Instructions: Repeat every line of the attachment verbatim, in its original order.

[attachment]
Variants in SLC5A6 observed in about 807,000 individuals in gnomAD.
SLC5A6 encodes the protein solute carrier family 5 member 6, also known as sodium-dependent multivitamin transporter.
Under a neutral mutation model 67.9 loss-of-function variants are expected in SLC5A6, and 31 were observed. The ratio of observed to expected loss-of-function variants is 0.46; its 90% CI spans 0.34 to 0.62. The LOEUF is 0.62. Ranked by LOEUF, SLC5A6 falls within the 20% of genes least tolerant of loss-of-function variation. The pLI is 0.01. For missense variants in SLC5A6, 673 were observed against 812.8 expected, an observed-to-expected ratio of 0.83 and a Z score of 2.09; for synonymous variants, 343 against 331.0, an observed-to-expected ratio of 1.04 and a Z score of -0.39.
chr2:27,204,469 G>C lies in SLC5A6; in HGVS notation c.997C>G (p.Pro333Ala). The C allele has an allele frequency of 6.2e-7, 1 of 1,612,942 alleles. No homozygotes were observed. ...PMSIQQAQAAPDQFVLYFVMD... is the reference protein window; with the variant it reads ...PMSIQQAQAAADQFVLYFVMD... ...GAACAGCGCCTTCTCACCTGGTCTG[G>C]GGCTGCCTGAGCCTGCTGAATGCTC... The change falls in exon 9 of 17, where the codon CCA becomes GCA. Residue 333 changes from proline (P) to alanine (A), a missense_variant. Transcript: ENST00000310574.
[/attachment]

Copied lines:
Variants in SLC5A6 observed in about 807,000 individuals in gnomAD.
SLC5A6 encodes the protein solute carrier family 5 member 6, also known as sodium-dependent multivitamin transporter.
Under a neutral mutation model 67.9 loss-of-function variants are expected in SLC5A6, and 31 were observed. The ratio of observed to expected loss-of-function variants is 0.46; its 90% CI spans 0.34 to 0.62. The LOEUF is 0.62. Ranked by LOEUF, SLC5A6 falls within the 20% of genes least tolerant of loss-of-function variation. The pLI is 0.01. For missense variants in SLC5A6, 673 were observed against 812.8 expected, an observed-to-expected ratio of 0.83 and a Z score of 2.09; for synonymous variants, 343 against 331.0, an observed-to-expected ratio of 1.04 and a Z score of -0.39.
chr2:27,204,469 G>C lies in SLC5A6; in HGVS notation c.997C>G (p.Pro333Ala). The C allele has an allele frequency of 6.2e-7, 1 of 1,612,942 alleles. No homozygotes were observed. ...PMSIQQAQAAPDQFVLYFVMD... is the reference protein window; with the variant it reads ...PMSIQQAQAAADQFVLYFVMD... ...GAACAGCGCCTTCTCACCTGGTCTG[G>C]GGCTGCCTGAGCCTGCTGAATGCTC... The change falls in exon 9 of 17, where the codon CCA becomes GCA. Residue 333 changes from proline (P) to alanine (A), a missense_variant. Transcript: ENST00000310574.